Employment Tips for Ex-Offenders
“Don’t Let Your Past Stop Your Future”
It is very difficult in this current economy to locate employment. There are people with extensive experience and advance degrees, applying for entry-level positions. For anyone that will seem daunting. Adding a criminal background to the equation only compounds the situation. The following are some tips that can ease some of the worries of finding employment even with a tarnished past.
Turn every negative into a positive: Your background information will eventually come up. Don’t spend your entire resume bashing yourself. This is a time to focus on the positive abilities and traits that you bring to the table. Highlight your skills, accomplishments, and determination to be a productive teammate.
Beware of employment gaps: Use a functional resume format rather than a chronological format. In any situation, employment gaps can be viewed upon as a negative. With possible extended employment gaps due to prison time, a chronological resume wouldn’t be the best format for you.
Proper wording of experience is important: We never discount any relevant experience. It is important however to label prison work experience as experience, and not as prison experience. You should rather focus on the experience and how it helps you as a candidate. Using a functional resume can aid in assisting you in documenting your experience properly.
Seek out supportive companies: I know I know, in an economy like this “beggers can’t be choosers”, but you can be strategic. There are some companies that will never deal with anyone with a criminal background. Then there are some that see the importance and benefit in doing so. They tend to be apart of assistance programs. You can find more information on these types of employers from the U.S. Department of Labor.
Know your rights: There are certain offenses that do not require disclosure once you’ve been pardoned. Those offenses also can’t be discriminated against by employers. Certain employment types may be exempt from this law. Be sure to do your research and know your rights.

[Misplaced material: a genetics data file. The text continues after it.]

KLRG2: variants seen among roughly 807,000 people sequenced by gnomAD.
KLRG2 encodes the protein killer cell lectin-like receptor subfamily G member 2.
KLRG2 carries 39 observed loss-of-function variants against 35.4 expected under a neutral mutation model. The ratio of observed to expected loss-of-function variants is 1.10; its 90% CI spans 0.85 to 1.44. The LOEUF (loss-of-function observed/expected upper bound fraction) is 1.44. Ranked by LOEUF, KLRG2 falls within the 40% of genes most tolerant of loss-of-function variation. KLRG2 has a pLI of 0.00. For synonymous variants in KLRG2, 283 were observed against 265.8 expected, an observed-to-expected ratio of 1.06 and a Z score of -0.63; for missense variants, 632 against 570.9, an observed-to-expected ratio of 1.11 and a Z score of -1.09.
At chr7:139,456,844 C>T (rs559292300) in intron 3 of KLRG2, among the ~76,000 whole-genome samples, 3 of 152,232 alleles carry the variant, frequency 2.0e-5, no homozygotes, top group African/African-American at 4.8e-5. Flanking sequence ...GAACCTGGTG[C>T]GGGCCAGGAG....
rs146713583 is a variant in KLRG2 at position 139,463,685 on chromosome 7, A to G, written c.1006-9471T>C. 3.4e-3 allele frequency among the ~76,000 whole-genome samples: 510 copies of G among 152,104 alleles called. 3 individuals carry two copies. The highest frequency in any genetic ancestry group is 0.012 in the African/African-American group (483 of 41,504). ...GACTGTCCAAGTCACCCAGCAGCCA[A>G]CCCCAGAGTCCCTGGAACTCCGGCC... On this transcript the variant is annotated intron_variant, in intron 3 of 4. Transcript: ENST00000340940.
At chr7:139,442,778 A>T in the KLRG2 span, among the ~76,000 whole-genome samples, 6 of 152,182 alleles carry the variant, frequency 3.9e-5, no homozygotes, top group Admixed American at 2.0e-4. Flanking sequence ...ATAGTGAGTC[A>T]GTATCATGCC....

When you disclose, disclose completely: There will be a section on most applications where they will ask you to disclose any offenses. If you are legally required to do so, then do so completely. Create a pre-written offense explanation letter that explains the entire situation. Submit this as an attachment to your application. It is better for you to explain than for the company to have to assume anything about your history.
Know your record: Like a credit report, it is important to know what’s on your record. Verify to make sure that whatever is on there is correct and valid.
Be ready: In an interview, it is highly likely that you will be asked about your past. Answer honestly, clearly, and with sincerity. Make sure to emphasize your desire to develop your skills, and to express how your skills can benefit the company.
Education might be the key: In a tough market like this, it becomes almost imperative to have some sort of related education. Take the time to research the area you want to enter; it might be more beneficial for you to seek more education as you make the transition.
Ask, Ask, Ask: You’ve made a mistake, and you’ve paid your debt to society. Don’t be afraid to ask the employer for another opportunity at life, and to make a positive contribution to society by working.